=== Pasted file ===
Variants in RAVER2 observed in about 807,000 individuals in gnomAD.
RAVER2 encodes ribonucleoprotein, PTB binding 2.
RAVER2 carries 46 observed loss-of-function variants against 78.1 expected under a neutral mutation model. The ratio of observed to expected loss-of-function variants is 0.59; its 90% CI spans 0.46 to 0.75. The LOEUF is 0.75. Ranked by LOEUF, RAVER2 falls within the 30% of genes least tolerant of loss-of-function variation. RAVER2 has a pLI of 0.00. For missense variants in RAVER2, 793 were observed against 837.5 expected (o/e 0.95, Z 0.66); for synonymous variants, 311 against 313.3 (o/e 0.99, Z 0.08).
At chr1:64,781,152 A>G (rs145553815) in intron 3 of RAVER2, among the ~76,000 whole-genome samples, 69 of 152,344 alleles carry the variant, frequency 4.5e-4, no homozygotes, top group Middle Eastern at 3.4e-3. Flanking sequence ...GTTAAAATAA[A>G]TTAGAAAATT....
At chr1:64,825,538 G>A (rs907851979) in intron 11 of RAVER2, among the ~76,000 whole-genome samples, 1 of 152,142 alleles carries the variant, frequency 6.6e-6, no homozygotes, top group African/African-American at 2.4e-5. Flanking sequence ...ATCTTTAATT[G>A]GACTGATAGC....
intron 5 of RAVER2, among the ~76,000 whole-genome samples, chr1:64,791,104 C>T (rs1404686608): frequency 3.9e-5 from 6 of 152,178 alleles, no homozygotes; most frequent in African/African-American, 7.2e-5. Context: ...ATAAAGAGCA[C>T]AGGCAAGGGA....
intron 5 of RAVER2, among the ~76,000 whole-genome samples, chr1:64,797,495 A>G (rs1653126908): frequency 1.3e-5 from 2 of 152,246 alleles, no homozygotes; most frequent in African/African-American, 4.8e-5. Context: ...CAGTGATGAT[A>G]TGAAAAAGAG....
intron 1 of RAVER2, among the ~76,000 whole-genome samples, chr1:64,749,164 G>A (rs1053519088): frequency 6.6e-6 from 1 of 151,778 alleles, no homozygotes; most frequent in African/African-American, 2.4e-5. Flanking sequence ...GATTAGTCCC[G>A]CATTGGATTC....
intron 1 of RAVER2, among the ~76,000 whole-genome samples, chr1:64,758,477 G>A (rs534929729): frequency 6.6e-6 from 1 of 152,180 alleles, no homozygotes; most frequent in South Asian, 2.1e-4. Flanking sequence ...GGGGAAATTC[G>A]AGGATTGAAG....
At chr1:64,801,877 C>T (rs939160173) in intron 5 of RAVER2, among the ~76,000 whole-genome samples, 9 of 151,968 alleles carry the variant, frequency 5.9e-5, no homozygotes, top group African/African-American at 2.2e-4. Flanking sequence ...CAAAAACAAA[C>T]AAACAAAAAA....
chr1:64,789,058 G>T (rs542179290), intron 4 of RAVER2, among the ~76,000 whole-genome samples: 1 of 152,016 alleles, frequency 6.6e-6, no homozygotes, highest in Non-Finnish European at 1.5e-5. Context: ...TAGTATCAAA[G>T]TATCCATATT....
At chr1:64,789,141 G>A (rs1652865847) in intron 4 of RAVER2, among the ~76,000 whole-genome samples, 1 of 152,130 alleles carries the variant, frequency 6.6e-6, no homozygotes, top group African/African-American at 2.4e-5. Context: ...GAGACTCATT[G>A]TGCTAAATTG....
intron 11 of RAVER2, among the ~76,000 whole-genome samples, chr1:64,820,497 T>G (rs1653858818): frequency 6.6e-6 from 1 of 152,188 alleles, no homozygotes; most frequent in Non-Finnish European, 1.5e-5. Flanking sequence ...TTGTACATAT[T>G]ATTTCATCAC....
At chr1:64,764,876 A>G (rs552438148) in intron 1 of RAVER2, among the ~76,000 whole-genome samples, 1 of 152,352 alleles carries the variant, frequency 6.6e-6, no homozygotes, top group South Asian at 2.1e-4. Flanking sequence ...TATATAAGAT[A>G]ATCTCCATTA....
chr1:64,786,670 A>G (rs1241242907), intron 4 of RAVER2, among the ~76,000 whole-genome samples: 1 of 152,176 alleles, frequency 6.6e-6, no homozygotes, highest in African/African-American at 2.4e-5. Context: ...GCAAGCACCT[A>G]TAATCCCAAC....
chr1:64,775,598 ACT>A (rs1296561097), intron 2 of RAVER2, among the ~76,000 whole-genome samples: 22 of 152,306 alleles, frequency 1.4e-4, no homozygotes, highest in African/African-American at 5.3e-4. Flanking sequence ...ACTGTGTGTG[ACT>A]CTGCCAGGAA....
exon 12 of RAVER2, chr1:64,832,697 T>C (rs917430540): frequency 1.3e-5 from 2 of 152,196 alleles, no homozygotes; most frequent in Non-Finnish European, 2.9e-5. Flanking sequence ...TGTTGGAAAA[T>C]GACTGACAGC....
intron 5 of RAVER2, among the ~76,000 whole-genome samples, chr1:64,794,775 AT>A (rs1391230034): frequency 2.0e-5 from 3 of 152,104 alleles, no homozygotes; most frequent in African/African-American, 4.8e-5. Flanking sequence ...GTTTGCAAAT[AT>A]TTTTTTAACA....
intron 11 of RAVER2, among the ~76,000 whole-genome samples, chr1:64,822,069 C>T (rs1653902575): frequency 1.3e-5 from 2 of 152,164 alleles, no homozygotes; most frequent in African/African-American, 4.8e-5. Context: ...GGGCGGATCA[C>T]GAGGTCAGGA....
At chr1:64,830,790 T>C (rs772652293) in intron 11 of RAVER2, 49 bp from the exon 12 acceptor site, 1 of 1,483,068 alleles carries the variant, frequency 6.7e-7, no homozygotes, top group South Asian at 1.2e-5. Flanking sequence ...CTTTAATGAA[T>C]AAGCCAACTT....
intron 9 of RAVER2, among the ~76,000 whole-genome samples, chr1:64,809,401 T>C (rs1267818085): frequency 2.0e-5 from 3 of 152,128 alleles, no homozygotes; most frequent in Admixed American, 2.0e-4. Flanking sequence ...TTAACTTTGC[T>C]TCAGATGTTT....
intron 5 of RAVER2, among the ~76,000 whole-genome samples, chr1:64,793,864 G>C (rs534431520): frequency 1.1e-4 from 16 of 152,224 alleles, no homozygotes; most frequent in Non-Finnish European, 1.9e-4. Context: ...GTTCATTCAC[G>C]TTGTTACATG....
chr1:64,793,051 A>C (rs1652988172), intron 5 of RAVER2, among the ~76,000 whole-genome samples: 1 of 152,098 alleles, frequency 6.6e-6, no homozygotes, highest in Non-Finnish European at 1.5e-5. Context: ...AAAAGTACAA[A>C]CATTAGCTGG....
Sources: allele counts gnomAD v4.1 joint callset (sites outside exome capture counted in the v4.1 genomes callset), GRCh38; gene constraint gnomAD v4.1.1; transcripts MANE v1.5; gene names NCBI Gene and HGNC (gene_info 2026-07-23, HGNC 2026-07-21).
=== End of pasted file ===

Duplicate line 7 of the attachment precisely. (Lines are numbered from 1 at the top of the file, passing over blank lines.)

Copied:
intron 5 of RAVER2, among the ~76,000 whole-genome samples, chr1:64,797,495 A>G (rs1653126908): frequency 1.3e-5 from 2 of 152,246 alleles, no homozygotes; most frequent in African/African-American, 4.8e-5. Context: ...CAGTGATGAT[A>G]TGAAAAAGAG....